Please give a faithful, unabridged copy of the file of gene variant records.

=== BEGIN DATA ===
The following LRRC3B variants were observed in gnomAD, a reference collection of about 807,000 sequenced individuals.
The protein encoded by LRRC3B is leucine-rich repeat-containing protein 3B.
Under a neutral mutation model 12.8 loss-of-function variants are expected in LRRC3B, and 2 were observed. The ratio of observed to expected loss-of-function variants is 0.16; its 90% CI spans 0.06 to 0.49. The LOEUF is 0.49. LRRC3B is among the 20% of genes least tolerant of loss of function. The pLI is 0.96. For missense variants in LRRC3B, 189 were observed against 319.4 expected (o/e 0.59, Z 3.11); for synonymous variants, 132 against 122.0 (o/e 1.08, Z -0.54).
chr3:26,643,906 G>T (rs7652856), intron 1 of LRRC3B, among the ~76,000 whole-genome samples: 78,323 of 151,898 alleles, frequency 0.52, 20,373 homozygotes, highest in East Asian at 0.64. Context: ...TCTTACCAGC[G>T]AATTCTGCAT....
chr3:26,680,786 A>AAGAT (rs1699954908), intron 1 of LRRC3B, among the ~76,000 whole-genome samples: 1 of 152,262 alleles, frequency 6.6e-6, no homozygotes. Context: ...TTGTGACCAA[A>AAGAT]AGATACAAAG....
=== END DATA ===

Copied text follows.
The following LRRC3B variants were observed in gnomAD, a reference collection of about 807,000 sequenced individuals.
The protein encoded by LRRC3B is leucine-rich repeat-containing protein 3B.
Under a neutral mutation model 12.8 loss-of-function variants are expected in LRRC3B, and 2 were observed. The ratio of observed to expected loss-of-function variants is 0.16; its 90% CI spans 0.06 to 0.49. The LOEUF is 0.49. LRRC3B is among the 20% of genes least tolerant of loss of function. The pLI is 0.96. For missense variants in LRRC3B, 189 were observed against 319.4 expected (o/e 0.59, Z 3.11); for synonymous variants, 132 against 122.0 (o/e 1.08, Z -0.54).
chr3:26,643,906 G>T (rs7652856), intron 1 of LRRC3B, among the ~76,000 whole-genome samples: 78,323 of 151,898 alleles, frequency 0.52, 20,373 homozygotes, highest in East Asian at 0.64. Context: ...TCTTACCAGC[G>T]AATTCTGCAT....
chr3:26,680,786 A>AAGAT (rs1699954908), intron 1 of LRRC3B, among the ~76,000 whole-genome samples: 1 of 152,262 alleles, frequency 6.6e-6, no homozygotes. Context: ...TTGTGACCAA[A>AAGAT]AGATACAAAG....